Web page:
Peter Hurford OBE (born 22 November 1930) is a British organist and composer.
Hurford was born in Minehead, Somerset, and educated at Blundell's School. He later studied both music and law at Jesus College, Cambridge, graduating with dual degrees, subsequently obtaining a reputation for both musical scholarship and organ playing. Hurford subsequently studied in Paris under the blind French organist André Marchal, exploring music of the Baroque period.
He is best known for his interpretations of Bach, having recorded the complete Bach organ works for Decca and BBC Radio 3. His expertise also encompasses recordings of the Romantic literature for organ, performances notable for attention to stylistic detail. His playing style is noted for clean articulation, beauty of expression, and a sense of proper tempi.
Hurford was appointed organist of Holy Trinity Church, Leamington Spa from 1956 to 1957. For the same period he was Music Master at Bablake School, Coventry. He was then organist and choirmaster of St Albans Cathedral Choir in 1958, serving with great distinction in this capacity for exactly twenty years. He conceived the idea of an organ competition in 1963, partly to celebrate the new Harrison & Harrison organ designed by Ralph Downes and himself. This venture was successful mainly because of the young Hurford's rapidly growing stature in Britain and overseas as a result of his refreshing notions of authentic performing style. This has grown into the St Albans International Organ Festival, a world-renowned festival of organ music with competitions whose past winners include many of the great names in modern organ music including Dame Gillian Weir, David Sanger, Thomas Trotter and Kevin Bowyer.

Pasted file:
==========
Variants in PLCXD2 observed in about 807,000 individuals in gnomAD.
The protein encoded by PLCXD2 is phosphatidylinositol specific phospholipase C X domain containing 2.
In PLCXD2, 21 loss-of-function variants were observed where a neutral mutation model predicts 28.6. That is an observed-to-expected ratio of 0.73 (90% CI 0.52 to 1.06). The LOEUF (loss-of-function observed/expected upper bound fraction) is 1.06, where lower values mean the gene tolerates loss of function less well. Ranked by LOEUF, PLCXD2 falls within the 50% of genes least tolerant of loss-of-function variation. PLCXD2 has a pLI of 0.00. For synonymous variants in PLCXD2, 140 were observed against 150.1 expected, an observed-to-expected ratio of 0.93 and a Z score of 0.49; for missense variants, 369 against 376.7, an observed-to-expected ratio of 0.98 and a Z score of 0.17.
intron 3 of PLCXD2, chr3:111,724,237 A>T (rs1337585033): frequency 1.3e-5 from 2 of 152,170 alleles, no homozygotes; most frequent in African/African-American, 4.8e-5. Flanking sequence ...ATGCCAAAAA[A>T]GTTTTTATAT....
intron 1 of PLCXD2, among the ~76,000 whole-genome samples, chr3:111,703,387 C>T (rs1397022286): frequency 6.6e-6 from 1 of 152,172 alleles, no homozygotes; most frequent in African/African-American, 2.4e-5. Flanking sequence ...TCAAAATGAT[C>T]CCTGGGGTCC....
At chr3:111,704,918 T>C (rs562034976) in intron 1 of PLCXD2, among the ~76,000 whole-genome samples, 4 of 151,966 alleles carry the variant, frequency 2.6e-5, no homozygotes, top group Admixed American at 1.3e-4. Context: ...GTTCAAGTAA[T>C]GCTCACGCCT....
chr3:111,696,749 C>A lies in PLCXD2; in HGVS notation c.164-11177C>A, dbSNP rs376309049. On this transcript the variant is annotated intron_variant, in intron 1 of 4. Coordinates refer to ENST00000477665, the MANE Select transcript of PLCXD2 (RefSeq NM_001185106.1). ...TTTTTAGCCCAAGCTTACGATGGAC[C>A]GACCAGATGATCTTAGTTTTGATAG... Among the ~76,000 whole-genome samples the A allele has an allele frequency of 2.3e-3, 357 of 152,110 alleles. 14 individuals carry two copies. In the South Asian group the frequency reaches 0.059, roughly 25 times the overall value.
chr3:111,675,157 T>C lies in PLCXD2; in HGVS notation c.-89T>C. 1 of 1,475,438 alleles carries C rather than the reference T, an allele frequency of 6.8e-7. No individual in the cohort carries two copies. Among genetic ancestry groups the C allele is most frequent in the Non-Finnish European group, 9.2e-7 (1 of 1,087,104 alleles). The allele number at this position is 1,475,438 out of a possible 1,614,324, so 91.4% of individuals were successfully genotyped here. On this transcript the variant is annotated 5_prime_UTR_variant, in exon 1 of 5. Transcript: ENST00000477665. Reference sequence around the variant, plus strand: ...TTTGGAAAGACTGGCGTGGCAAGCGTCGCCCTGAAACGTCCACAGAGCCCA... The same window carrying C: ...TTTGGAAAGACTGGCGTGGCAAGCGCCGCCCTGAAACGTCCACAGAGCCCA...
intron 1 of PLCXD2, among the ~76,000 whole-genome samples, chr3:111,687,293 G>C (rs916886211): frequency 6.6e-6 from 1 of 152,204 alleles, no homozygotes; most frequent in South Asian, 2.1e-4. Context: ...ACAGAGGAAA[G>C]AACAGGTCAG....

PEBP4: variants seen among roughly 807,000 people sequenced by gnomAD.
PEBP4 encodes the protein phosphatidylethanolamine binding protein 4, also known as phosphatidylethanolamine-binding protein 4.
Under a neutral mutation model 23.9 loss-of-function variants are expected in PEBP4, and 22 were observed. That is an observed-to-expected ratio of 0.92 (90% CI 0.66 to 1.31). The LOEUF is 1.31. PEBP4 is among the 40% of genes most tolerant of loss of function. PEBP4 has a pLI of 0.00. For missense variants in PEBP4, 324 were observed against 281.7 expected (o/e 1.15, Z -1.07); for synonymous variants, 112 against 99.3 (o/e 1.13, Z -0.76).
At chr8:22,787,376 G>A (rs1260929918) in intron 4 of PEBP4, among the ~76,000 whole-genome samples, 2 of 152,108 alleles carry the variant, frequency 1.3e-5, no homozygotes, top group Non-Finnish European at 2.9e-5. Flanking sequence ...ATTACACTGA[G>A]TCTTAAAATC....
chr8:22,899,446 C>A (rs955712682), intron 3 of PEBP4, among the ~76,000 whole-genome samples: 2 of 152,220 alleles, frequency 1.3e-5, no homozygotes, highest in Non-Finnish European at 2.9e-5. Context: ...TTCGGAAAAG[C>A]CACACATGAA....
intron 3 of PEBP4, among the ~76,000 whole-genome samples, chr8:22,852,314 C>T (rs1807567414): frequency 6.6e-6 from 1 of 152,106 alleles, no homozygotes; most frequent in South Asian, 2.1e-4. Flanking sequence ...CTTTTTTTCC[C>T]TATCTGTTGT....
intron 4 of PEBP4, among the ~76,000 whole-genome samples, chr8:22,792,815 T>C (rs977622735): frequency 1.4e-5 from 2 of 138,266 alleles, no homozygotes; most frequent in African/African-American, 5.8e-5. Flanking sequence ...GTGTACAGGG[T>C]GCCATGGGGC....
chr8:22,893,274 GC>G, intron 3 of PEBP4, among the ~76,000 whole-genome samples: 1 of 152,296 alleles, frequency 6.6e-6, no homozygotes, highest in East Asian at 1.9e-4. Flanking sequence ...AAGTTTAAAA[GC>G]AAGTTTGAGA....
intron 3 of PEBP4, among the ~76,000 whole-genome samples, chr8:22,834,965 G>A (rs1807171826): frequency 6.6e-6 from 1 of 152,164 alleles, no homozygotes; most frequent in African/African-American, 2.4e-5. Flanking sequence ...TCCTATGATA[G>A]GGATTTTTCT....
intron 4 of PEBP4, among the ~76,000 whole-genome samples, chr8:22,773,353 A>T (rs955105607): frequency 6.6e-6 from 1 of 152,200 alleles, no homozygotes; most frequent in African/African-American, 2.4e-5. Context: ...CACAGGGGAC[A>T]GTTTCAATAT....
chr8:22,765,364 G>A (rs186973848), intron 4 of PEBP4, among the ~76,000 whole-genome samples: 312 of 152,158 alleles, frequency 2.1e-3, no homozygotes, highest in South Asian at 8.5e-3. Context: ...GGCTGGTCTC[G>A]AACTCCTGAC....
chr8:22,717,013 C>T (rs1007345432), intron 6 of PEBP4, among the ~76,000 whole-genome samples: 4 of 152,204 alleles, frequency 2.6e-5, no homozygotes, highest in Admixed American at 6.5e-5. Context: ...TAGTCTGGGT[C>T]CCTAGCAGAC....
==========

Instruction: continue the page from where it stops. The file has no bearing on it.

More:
He is the holder of a number of Honorary Doctorates, was appointed an Honorary Fellow of Jesus College in 2006, is a past President of the Royal College of Organists and received its Medal in 2013, and has been appointed an Officer of the Order of the British Empire (OBE). He has written a book: Making Music on the Organ (1998, Oxford University Press, ISBN 0-19-816207-3) and published a deal of choral music for the Anglican liturgy, much of it issued by leading publishers such as Novello and Oxford University Press. His Litany to the Holy Spirit, to a famous text by Robert Herrick, is sung worldwide.
He suffered a minor stroke in 1997, but recovered enough to resume his performing career 7 months later. In early 2008, he was diagnosed with advanced Alzheimer's Disease. He formally retired from concertizing in 2009. ("Bach Notes," London Bach Society, Autumn 2013)
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